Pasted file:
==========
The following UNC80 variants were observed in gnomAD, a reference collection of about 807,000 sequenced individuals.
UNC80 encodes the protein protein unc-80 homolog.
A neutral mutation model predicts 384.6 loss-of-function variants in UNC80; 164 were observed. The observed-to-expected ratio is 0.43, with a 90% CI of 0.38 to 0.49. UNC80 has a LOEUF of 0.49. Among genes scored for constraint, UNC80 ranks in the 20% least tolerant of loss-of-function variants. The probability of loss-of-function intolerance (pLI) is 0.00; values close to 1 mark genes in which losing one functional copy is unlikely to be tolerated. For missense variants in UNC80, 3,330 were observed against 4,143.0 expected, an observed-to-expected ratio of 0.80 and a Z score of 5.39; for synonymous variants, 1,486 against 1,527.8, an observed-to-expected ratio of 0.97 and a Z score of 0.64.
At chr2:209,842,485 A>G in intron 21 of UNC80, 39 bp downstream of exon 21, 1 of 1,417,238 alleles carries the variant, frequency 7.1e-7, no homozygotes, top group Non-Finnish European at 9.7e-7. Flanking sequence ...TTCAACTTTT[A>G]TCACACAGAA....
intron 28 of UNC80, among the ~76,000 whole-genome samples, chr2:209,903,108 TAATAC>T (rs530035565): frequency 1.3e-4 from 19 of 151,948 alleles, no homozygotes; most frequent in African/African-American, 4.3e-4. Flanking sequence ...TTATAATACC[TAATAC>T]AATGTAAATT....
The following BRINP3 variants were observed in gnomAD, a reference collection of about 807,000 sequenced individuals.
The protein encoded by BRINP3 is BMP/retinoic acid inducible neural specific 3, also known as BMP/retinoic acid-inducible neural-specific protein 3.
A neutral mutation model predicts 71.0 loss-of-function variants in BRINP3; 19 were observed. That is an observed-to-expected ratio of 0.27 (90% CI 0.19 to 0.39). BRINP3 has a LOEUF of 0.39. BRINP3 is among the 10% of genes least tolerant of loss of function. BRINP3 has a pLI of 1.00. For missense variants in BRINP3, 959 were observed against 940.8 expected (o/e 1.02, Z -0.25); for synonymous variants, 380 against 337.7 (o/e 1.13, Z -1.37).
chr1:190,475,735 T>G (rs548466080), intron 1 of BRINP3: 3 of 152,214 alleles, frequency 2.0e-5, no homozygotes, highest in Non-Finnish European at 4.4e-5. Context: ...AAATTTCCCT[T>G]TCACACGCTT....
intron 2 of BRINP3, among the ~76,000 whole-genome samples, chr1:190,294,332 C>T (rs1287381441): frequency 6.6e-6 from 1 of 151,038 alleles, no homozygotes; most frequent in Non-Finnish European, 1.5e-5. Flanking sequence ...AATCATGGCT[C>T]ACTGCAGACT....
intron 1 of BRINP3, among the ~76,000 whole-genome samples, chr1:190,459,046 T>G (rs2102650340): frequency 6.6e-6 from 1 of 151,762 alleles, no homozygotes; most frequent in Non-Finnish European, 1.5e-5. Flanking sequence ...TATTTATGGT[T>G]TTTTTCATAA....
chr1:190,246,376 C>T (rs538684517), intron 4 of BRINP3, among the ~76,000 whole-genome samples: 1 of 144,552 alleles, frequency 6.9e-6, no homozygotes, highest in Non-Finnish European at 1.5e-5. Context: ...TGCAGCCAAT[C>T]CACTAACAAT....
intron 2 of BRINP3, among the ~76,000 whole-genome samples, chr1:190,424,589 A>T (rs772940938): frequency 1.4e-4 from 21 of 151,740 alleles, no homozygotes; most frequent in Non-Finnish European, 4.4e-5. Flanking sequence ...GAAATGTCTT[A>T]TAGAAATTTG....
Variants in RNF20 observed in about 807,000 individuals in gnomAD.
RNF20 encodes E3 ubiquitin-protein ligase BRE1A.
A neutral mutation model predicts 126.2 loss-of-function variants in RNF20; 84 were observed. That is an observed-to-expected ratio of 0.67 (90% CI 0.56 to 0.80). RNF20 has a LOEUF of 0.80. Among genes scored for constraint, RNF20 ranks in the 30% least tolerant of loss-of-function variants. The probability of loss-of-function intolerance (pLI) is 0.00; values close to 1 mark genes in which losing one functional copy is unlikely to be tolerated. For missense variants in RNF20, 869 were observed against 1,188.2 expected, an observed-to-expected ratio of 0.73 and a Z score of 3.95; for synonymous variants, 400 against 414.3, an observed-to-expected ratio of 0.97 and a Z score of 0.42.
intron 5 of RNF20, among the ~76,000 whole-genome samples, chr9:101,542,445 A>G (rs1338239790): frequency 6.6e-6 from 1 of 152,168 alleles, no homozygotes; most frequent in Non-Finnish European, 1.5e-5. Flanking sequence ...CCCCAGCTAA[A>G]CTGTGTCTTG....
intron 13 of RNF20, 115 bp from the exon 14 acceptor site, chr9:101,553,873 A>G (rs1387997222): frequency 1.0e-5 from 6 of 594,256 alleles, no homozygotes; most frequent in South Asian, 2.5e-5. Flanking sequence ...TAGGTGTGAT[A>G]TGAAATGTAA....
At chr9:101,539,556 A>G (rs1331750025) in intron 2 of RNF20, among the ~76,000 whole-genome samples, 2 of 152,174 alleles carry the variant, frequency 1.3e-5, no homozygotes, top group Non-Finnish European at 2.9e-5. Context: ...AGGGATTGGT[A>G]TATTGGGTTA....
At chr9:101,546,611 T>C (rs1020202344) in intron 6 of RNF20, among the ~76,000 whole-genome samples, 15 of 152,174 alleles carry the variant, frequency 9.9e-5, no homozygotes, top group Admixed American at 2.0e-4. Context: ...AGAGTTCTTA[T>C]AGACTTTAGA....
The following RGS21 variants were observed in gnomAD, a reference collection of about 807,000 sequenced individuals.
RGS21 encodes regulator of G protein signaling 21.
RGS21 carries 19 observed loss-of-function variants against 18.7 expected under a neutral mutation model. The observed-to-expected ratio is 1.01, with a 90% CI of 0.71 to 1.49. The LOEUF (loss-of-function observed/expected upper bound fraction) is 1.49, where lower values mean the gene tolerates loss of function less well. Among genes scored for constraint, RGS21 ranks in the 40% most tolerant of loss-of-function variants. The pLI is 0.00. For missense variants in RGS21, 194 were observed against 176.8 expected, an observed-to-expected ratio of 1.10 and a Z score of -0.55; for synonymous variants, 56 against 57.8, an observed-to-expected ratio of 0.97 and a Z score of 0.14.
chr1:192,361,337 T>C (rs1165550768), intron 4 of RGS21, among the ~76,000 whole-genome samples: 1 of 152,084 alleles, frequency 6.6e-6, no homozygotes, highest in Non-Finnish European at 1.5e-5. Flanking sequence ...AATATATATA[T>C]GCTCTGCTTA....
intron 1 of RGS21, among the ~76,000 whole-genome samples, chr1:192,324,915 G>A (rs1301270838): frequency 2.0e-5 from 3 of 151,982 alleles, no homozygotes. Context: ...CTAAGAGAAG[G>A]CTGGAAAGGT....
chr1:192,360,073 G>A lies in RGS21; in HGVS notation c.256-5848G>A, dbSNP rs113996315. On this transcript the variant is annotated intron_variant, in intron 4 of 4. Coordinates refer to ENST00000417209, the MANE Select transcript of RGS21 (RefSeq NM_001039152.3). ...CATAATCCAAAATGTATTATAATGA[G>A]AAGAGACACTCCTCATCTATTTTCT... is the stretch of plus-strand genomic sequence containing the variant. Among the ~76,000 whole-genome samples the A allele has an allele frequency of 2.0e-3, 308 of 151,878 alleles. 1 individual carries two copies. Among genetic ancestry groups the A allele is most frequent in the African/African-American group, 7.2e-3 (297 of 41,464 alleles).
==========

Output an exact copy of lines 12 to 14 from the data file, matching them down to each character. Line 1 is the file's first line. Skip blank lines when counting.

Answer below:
chr1:190,246,376 C>T (rs538684517), intron 4 of BRINP3, among the ~76,000 whole-genome samples: 1 of 144,552 alleles, frequency 6.9e-6, no homozygotes, highest in Non-Finnish European at 1.5e-5. Context: ...TGCAGCCAAT[C>T]CACTAACAAT....
intron 2 of BRINP3, among the ~76,000 whole-genome samples, chr1:190,424,589 A>T (rs772940938): frequency 1.4e-4 from 21 of 151,740 alleles, no homozygotes; most frequent in Non-Finnish European, 4.4e-5. Flanking sequence ...GAAATGTCTT[A>T]TAGAAATTTG....
Variants in RNF20 observed in about 807,000 individuals in gnomAD.